Home Fashion Dapper Dan Addressed on “The Breakfast Club” Why Black-Owned Fashion Brands Don't Get Support – TeenVogue.com

Dapper Dan Addressed on “The Breakfast Club” Why Black-Owned Fashion Brands Don't Get Support – TeenVogue.com

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During a recent interview on New York City radio show “The Breakfast Club,” legendary fashion designer Dapper Dan, known for igniting the logomania craze, bringing high fashion to hip-hop, and his recent partnership with Gucci, expressed his thoughts on why fashion consumers value high-end fashion brands more than they value black-owned brands.

Dapper Dan rose to prominence in the 1980s, creating a line of clothing that used logos from brands like Gucci and Louis Vuitton. As Teen Vogue previously reported, the creative faced numerous lawsuits from brands for his inclusion of their logos, and he was forced to close shop on his New York City-based operation. Years later, Gucci’s 2018 cruise show featured designs that social media believed were inspired by Dapper Dan’s work. After continued criticism, the brand admitted they were inspired by the designer, but as The Cut reported, Gucci made no attempt to ask him to work with them. But not long after, the fashion house and Dapper Dan began working together on a line, and a collaborative collection between the two debuted in 2018](https://fashionista.com/2018/07/gucci-dapper-dan-collection-clothing-accessories).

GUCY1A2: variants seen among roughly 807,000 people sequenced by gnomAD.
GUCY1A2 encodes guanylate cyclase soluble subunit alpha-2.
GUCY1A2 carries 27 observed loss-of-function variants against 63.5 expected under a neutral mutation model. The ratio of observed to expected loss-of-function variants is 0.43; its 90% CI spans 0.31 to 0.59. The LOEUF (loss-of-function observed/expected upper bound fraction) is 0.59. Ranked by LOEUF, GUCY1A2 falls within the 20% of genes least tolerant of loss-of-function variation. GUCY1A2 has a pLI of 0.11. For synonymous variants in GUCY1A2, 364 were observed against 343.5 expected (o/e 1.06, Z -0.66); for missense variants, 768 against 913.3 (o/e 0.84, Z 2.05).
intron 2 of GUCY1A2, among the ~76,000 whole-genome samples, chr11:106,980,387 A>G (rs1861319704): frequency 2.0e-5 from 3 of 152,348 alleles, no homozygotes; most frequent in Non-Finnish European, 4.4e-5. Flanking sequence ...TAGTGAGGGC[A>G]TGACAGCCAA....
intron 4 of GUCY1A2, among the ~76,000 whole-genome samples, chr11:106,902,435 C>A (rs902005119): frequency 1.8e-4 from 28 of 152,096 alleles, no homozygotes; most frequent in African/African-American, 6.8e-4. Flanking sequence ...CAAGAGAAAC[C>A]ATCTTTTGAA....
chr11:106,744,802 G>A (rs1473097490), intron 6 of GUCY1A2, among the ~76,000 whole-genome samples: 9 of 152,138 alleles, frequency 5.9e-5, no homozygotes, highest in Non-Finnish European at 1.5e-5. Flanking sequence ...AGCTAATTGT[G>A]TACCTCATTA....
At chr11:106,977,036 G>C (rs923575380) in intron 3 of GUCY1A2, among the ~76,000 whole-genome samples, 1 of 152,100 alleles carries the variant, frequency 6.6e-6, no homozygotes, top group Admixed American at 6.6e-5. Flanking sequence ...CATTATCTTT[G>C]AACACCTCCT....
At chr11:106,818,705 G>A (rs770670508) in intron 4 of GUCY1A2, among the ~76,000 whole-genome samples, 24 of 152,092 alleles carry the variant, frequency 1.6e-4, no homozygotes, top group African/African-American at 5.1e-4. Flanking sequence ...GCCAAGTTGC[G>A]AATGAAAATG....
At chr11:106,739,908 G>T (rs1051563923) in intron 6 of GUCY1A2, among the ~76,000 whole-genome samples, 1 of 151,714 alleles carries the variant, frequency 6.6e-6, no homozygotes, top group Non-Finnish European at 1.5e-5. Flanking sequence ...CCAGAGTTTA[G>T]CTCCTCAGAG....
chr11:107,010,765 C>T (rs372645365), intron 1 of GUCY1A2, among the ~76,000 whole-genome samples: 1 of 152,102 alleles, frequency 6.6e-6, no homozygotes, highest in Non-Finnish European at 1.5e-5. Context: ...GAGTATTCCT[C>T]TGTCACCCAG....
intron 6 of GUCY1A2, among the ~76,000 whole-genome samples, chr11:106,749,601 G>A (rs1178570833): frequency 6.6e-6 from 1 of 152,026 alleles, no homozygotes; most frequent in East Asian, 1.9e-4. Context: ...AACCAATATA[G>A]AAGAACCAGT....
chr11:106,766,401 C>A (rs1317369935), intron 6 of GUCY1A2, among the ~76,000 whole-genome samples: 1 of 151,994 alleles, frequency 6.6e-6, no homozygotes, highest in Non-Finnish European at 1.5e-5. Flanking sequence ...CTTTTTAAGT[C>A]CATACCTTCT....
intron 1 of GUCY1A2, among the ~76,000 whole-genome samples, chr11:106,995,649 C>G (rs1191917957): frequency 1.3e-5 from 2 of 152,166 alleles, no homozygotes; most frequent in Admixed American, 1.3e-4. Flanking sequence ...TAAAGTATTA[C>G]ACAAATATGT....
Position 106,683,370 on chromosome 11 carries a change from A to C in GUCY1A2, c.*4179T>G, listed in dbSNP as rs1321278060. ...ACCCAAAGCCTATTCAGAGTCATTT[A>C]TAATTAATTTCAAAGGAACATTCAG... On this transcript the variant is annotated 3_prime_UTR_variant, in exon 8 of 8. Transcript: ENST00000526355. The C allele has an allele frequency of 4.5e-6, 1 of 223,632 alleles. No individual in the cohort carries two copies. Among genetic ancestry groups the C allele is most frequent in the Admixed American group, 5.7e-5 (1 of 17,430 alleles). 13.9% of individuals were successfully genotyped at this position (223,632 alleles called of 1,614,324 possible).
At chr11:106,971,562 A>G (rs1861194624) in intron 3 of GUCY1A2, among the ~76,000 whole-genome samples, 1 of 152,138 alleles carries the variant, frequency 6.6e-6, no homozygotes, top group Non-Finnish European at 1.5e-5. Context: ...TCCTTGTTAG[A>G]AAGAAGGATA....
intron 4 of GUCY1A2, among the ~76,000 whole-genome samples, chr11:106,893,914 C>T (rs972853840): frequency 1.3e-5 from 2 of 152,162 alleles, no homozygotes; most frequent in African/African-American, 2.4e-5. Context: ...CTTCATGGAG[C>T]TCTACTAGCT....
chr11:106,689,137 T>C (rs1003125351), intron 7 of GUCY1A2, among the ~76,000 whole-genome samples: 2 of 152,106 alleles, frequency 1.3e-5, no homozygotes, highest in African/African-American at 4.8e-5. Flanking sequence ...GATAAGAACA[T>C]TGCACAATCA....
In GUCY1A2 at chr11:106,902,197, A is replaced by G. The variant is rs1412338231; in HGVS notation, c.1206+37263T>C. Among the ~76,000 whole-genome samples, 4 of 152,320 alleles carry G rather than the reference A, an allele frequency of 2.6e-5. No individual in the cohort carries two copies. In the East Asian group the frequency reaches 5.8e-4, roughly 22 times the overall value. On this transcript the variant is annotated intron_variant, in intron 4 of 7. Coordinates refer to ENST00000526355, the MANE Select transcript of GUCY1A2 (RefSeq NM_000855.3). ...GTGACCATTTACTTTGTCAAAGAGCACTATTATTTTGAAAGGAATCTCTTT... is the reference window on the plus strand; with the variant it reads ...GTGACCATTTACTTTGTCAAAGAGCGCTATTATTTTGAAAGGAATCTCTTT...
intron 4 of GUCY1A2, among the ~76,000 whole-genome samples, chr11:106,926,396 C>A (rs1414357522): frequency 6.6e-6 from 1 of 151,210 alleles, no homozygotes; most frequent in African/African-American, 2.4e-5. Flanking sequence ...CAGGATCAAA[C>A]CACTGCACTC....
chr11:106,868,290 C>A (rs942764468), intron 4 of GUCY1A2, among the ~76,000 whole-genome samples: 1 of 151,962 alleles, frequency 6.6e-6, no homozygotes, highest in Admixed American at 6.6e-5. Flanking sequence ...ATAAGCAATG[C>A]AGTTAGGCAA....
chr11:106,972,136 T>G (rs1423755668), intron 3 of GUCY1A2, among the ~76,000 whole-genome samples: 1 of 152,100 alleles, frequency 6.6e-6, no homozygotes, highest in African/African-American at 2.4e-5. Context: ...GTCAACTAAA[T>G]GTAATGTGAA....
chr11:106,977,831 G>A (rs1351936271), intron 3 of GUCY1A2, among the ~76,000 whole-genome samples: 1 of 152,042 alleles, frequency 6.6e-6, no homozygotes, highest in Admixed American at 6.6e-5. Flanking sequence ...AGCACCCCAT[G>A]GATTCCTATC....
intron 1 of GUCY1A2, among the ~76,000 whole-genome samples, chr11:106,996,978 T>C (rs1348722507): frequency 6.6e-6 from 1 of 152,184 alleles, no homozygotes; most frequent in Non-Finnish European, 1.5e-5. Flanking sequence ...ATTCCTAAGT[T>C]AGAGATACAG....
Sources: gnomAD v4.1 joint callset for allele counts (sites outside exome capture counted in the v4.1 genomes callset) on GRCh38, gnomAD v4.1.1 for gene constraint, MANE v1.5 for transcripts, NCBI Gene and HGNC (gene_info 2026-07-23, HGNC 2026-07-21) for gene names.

On the radio show, Dapper Dan was asked why he believed that black-owned businesses didn’t receive the same level of support from black consumers as brands like Gucci or Louis Vuitton. The designer attributed the lack of support to an individual choice by shoppers. “People want what they can’t get,” he said. “The mentality associated with luxury and aspiration has to do with things that people can’t afford.”

He said that it comes down to designers creating something that will earn the respect of consumers. “It takes time to get the integrity and the respect for a brand,” he said. The designer added, “I’m not going after what we buy. I’m not going to argue with black people in Harlem, or [anywhere in] the U.S., about whether you want to buy luxury. Our culture is so powerful and selling around the world, I want to get to where they selling it at.”

He believes that designers have a wide reach, and went on to point to his own influence, saying, “We are the influencers, and our ability to influence goes around the world. I’m not concentrating on just getting this black money here. Why I can’t get that global money if I [have] that global culture?”

His comments have spurred some discussion on social media, and many have weighed in with their own thoughts on the topic. “He’s talking about accessibility,” one person tweeted. “High end brands are expensive & inaccessible to most people. You’re buying a desire, not just the product. It’s not always a logical purchasing decision. While these aren’t wholly black-owned businesses, Jordan and Yeezys are emulating this.”

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